Dark patterns are online user experiences that are intentionally designed to trick users into taking unintended actions. These actions rarely benefit the user, but rather serve the owner of the site or app — almost always for financial gain. This article by graphic designer, artist and art educator Eileen MacAvery Kane will explore different types of experiences, the role and responsibility of designers, the confusing online landscape created by dark patterns, and what actions can be taken to prioritize users in the online design process.
The term “dark patterns” was coined in 2010 by UX specialist Harry Brignull, describing online experiences that are intentionally designed to trick users into unintended actions. These actions rarely benefit the user, but do benefit the owner of the site or app, and usually for financial gain. The presence of these patterns makes the current digital landscape one of “user beware.” In this context, even UX designers with the best of intentions can find themselves designing for the dark side — unless they actively take steps to avoid it.
If you’re like me, you’ve probably experienced dark patterns in your daily life. Here are some at the most common:
—Bait and Switch: Takes advantage of familiar actions and behaviors to substitute a new action, typically with some kind of in. This can create confusion or knee-jerk reactions, as when Microsoft’s upgrade to Windows 10 was initiated by clicking on an “X” — how you would normally close a window, not initiate an installation.
—Disguised Ads: Ads are usually located in specific places on a web page and include graphics and copy that clearly promote a product or service. However, sometimes they are designed to look like action buttons for obtaining content. It’s up to the user to fully read the instructions and ignore misleading graphics. Sites like Dafont.com, that graphic designers use to access free fonts, are a prime example.
—Roach Motel: Occurs when it becomes almost impossible to delete an account or unsubscribe from a mailing list. A prime example of this was when online donors for Trump weren’t aware that they were making weekly contributions to keep his struggling campaign afloat. One donor who lived on an income of less than $1,000 per month found out what they thought was a one-time donation of $500 had turned into $3,000 in less than 30 days.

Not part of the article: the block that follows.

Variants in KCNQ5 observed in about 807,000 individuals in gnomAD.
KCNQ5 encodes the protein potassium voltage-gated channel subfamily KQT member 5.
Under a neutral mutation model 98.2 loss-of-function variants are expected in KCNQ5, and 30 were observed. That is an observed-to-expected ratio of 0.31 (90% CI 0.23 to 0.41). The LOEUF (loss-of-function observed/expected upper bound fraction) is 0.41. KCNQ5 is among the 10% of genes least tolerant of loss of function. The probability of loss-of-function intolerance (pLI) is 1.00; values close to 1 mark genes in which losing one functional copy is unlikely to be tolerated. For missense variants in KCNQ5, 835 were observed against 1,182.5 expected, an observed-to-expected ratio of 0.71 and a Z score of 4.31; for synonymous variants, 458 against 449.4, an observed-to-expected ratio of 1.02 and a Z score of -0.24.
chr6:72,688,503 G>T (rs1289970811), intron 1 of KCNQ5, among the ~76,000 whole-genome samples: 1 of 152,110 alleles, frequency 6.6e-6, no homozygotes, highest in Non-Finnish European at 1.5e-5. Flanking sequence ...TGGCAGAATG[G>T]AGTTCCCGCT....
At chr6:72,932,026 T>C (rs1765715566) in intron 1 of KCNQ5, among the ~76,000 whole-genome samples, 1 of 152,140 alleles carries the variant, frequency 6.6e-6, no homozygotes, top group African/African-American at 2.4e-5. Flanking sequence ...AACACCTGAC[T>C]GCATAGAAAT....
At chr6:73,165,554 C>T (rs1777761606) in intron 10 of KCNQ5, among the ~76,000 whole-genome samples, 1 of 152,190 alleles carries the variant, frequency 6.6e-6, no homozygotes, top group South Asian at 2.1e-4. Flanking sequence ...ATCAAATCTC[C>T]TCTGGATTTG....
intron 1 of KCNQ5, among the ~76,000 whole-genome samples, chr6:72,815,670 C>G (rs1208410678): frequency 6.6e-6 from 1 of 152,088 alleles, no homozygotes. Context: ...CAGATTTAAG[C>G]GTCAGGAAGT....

—Friend Spam: Occurs when a product asks for social media permissions under false pretenses and then spams your friend list. LinkedIn was fined $13 million dollars for this as part of a class-action suit in 2015.
—Forced Continuity: Websites that offer free trials force users to submit a credit card to continue using a site for “free.”Failure to cancel within the allotted time frame leads to automated billing. On top of this, cancelling the subscription can be extremely difficult, akin to finding a needle in a haystack. Affinion Group is an international loyalty program manager that has paid millions of dollars in claims for unfair and deceptive trade practices. They face multiple class-action suits for misleading consumers using dark patterns.
These are just some of the “dark patterns” that have been identified — and more are being concocted every minute, which is hardly surprising given what a lucrative practice it can be. Users must educate themselves to successfully detect and avoid dark patterns. However, the onus shouldn’t just be on users — what is the role of the designer in dark patterns? Many believe ethics for graphic designers should be based on the idea of service, and that helping other people is a good thing to do. With knowledge and access to tools that can direct people’s attention and actions, we have a moral responsibility to avoid using dark patterns for ourselves or clients.